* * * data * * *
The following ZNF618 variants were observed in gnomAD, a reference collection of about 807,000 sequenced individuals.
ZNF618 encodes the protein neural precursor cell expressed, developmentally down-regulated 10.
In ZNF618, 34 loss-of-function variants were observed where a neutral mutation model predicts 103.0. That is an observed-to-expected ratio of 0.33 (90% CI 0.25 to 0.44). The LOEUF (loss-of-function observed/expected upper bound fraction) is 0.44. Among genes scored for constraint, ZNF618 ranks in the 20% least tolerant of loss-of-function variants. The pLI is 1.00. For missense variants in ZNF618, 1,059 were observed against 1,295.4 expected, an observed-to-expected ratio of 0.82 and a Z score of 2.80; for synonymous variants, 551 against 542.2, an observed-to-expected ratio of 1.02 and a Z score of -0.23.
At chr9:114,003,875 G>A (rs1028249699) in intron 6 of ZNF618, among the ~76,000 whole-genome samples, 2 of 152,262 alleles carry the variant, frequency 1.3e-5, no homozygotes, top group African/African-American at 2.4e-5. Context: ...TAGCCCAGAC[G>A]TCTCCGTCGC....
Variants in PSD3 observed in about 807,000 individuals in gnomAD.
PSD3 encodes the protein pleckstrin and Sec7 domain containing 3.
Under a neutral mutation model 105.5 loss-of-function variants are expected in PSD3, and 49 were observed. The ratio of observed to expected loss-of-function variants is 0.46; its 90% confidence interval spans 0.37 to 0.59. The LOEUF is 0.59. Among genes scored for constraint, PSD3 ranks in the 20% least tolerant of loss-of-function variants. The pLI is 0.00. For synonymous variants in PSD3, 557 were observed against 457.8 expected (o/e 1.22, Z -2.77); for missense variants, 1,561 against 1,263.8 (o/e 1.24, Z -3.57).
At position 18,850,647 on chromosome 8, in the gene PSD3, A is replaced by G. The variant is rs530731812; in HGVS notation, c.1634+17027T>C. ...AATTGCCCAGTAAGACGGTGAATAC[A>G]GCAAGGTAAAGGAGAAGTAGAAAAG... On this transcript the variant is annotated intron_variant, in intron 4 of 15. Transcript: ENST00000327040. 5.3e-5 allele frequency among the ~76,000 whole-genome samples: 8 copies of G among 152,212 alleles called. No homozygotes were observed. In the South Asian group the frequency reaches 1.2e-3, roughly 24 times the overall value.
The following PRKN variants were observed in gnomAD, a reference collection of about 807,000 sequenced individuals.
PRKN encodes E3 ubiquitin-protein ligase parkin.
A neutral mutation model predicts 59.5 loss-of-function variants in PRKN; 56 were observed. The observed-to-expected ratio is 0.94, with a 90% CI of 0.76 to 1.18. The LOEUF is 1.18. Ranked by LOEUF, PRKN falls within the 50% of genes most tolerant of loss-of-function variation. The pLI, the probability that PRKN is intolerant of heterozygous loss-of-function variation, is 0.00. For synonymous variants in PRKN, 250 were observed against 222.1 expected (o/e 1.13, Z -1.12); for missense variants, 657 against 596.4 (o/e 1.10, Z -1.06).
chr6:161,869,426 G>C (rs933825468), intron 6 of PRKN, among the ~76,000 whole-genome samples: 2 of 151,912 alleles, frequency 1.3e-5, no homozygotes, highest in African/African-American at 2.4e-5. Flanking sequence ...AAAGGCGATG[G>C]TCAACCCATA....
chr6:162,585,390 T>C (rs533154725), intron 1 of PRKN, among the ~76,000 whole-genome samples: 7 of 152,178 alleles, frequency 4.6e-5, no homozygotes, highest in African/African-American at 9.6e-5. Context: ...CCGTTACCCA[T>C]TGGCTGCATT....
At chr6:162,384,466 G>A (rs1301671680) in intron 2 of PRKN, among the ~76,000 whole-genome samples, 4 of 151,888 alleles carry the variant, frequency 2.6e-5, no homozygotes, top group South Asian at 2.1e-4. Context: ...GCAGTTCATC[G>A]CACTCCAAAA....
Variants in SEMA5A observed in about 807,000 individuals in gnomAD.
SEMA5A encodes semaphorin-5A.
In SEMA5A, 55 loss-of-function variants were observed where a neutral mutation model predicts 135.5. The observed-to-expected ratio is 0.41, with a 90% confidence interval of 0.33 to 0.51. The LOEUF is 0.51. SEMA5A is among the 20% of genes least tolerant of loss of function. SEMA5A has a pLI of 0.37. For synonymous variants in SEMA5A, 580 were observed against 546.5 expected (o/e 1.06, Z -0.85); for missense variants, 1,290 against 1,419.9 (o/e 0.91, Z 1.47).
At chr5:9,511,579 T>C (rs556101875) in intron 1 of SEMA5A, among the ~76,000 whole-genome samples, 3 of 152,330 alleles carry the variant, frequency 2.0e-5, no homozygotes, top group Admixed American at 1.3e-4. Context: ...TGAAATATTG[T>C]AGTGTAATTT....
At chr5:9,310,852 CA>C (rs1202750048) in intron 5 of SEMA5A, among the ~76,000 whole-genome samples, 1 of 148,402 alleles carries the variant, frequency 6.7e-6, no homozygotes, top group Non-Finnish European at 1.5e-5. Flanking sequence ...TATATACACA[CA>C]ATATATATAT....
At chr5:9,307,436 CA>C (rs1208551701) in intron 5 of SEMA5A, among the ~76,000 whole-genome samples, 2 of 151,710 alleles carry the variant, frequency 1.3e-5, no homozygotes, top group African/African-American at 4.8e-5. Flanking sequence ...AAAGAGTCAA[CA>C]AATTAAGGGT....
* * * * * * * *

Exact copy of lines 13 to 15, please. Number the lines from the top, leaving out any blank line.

chr6:162,585,390 T>C (rs533154725), intron 1 of PRKN, among the ~76,000 whole-genome samples: 7 of 152,178 alleles, frequency 4.6e-5, no homozygotes, highest in African/African-American at 9.6e-5. Context: ...CCGTTACCCA[T>C]TGGCTGCATT....
At chr6:162,384,466 G>A (rs1301671680) in intron 2 of PRKN, among the ~76,000 whole-genome samples, 4 of 151,888 alleles carry the variant, frequency 2.6e-5, no homozygotes, top group South Asian at 2.1e-4. Context: ...GCAGTTCATC[G>A]CACTCCAAAA....
Variants in SEMA5A observed in about 807,000 individuals in gnomAD.